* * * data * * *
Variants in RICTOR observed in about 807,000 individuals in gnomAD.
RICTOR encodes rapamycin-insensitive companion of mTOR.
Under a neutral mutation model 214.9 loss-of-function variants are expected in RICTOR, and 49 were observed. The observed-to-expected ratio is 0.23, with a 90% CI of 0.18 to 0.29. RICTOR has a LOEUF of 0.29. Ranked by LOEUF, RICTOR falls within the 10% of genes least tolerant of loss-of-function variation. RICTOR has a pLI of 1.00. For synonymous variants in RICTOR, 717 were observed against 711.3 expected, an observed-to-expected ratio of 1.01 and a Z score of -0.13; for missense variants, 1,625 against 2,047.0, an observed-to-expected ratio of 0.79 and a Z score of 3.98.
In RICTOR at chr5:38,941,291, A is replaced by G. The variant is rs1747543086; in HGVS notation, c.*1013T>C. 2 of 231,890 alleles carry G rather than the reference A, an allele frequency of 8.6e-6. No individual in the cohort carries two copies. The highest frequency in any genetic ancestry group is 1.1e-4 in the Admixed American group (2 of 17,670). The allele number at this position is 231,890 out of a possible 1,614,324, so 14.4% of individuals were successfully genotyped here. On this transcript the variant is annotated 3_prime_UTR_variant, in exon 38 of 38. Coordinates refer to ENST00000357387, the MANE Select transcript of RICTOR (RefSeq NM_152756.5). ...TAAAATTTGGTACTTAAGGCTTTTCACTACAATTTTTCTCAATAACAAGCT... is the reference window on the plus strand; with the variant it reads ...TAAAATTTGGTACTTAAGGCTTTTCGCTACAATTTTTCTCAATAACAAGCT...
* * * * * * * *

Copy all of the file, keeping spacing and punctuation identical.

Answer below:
Variants in RICTOR observed in about 807,000 individuals in gnomAD.
RICTOR encodes rapamycin-insensitive companion of mTOR.
Under a neutral mutation model 214.9 loss-of-function variants are expected in RICTOR, and 49 were observed. The observed-to-expected ratio is 0.23, with a 90% CI of 0.18 to 0.29. RICTOR has a LOEUF of 0.29. Ranked by LOEUF, RICTOR falls within the 10% of genes least tolerant of loss-of-function variation. RICTOR has a pLI of 1.00. For synonymous variants in RICTOR, 717 were observed against 711.3 expected, an observed-to-expected ratio of 1.01 and a Z score of -0.13; for missense variants, 1,625 against 2,047.0, an observed-to-expected ratio of 0.79 and a Z score of 3.98.
In RICTOR at chr5:38,941,291, A is replaced by G. The variant is rs1747543086; in HGVS notation, c.*1013T>C. 2 of 231,890 alleles carry G rather than the reference A, an allele frequency of 8.6e-6. No individual in the cohort carries two copies. The highest frequency in any genetic ancestry group is 1.1e-4 in the Admixed American group (2 of 17,670). The allele number at this position is 231,890 out of a possible 1,614,324, so 14.4% of individuals were successfully genotyped here. On this transcript the variant is annotated 3_prime_UTR_variant, in exon 38 of 38. Coordinates refer to ENST00000357387, the MANE Select transcript of RICTOR (RefSeq NM_152756.5). ...TAAAATTTGGTACTTAAGGCTTTTCACTACAATTTTTCTCAATAACAAGCT... is the reference window on the plus strand; with the variant it reads ...TAAAATTTGGTACTTAAGGCTTTTCGCTACAATTTTTCTCAATAACAAGCT...